I'm writing this post after almost a fortnight after the gig happened, but better late than never. The renowned DIY gig Control Alt Delete moved cities to Bangalore for its ninth version. Held at The Humming Tree in Bangalore on the 16th of January, Control ALT Delete 9.0 gave audiences what I personally believe was the best line-up I've seen at an indie gig in quite some time. Upping the ante from last year and brought together nine bands for what was a spectacular evening of indie music.

When the gig began at 5 pm, the venue was already packed with over a 100 people, and this number just grew through the evening till eventually the venue could take no more people. Unlike a lot of other gigs, the audience didn’t comprise of just the usual gig junkies like yours truly or friends of the bands playing who leave once the gig was done. I found myself next to a trio of women who didn’t know any of the bands, but stood rooted front and center from start to finish, very enthusiastically asking me about the band and the songs they were playing. 

This was the crowd at 5 pm for the first act of the day. Sriram TT from Skrat and Tails on Fire is a total scenester checking out all the bands with the crowd.
The first band up on stage was Bangalore's only band on the roster, RushLed. Relatively new to the circuit, the band had original numbers to present. A clear case of nerves was evident throughout the performance but kudos to the band for standing and delivering. This act was followed up by the Chennai rock outfit - The Broadway Addicts. Presenting material from the debut, No Act along with old-school punk from bands like the Stooges, this three-piece outfit really got the evening rolling. A lot of folks who I spoke to agreed that while the band sounded great, the long silent intervals between songs where the vocalist was either drinking water or saying something utterly pointless was a tad annoying. Great sound nonetheless.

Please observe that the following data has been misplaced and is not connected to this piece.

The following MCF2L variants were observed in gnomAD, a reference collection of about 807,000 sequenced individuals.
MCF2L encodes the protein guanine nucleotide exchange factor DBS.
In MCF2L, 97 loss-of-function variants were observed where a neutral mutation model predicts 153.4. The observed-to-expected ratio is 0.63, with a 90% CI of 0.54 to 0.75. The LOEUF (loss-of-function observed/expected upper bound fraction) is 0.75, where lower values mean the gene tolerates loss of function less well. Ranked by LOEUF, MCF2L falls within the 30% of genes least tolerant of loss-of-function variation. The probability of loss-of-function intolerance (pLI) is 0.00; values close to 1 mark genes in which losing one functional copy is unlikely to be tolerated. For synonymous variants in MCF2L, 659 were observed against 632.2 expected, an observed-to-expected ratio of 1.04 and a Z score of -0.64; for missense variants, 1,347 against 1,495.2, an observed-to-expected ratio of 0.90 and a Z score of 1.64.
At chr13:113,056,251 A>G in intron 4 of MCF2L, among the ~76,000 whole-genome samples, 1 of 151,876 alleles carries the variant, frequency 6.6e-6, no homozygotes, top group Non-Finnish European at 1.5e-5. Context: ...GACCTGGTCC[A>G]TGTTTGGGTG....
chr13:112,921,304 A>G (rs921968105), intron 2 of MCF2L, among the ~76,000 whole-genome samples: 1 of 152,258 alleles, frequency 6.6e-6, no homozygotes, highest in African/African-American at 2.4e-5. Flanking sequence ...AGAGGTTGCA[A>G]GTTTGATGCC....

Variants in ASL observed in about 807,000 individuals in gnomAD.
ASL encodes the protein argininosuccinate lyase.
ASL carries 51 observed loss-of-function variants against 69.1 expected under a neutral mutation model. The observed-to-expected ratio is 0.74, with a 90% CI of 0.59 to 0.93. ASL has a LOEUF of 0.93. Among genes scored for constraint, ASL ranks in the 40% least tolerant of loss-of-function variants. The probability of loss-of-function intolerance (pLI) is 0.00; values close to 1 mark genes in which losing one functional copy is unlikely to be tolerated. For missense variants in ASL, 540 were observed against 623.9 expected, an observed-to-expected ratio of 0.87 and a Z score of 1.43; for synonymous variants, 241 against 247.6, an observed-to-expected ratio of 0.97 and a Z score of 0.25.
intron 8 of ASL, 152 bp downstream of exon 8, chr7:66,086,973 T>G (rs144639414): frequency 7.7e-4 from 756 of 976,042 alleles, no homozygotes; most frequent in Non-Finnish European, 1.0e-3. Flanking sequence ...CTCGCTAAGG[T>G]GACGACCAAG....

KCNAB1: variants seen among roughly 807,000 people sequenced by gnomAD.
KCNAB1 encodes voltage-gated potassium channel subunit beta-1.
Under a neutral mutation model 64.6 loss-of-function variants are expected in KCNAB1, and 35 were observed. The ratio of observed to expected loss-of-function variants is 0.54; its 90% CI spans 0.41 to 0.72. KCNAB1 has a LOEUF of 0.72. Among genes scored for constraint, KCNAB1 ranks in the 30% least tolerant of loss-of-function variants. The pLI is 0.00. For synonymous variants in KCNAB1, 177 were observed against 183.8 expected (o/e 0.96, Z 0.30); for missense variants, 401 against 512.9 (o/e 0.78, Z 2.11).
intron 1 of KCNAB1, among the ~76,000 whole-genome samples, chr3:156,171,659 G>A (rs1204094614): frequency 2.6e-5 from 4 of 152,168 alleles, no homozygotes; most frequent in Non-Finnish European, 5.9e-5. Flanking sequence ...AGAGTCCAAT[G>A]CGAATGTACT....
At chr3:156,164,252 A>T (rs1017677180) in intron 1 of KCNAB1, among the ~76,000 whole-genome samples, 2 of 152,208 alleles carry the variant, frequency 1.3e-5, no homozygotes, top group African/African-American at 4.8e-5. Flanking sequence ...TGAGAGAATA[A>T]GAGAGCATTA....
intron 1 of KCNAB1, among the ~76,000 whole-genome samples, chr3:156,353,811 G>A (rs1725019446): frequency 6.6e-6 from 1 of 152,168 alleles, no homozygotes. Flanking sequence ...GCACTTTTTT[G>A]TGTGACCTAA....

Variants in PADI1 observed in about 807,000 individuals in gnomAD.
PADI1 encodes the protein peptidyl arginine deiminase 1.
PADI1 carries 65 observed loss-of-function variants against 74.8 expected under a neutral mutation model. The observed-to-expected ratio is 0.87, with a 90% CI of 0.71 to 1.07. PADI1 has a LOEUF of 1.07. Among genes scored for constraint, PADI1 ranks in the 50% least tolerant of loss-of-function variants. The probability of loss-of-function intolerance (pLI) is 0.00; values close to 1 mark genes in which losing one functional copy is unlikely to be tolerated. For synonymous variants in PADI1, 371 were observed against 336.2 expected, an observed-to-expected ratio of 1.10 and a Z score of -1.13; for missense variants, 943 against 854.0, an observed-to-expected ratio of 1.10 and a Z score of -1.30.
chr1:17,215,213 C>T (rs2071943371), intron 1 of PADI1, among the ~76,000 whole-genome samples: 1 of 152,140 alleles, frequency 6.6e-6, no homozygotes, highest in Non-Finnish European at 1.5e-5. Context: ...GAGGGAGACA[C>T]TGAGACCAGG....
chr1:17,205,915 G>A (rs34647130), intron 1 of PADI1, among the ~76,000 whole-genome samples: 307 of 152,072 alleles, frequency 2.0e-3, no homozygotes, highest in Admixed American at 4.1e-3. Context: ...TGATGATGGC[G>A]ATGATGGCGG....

Rushled

Rushled

Rushled

The Broadway Addicts

The Broadway Addicts

The Broadway Addicts

The Broadway Addicts

I'm not the biggest fan of the post-rock genre and very few bands have put together material that makes me want to listen to it over and over again. Unfortunately, the third band of the evening Mushroom Lake isn't one of those bands. Unfortunately, most of the band sat down or stood rooted to the spot. It was evident that after the cracker of a set from the previous band, this was the band a lot of people chose to step out for a smoke, take their loo breaks or grab something to eat. The music didn’t do enough to match the mood that had been set in the evening. Bringing the house down was the high-energy riot-inducing band Punk on Toast who got the mosh pit going for the evening. Staying true to the punk rock theme of being angry, with everyone from the BJP to Salman Khan, Punk on Toast had everyone screaming and head banging.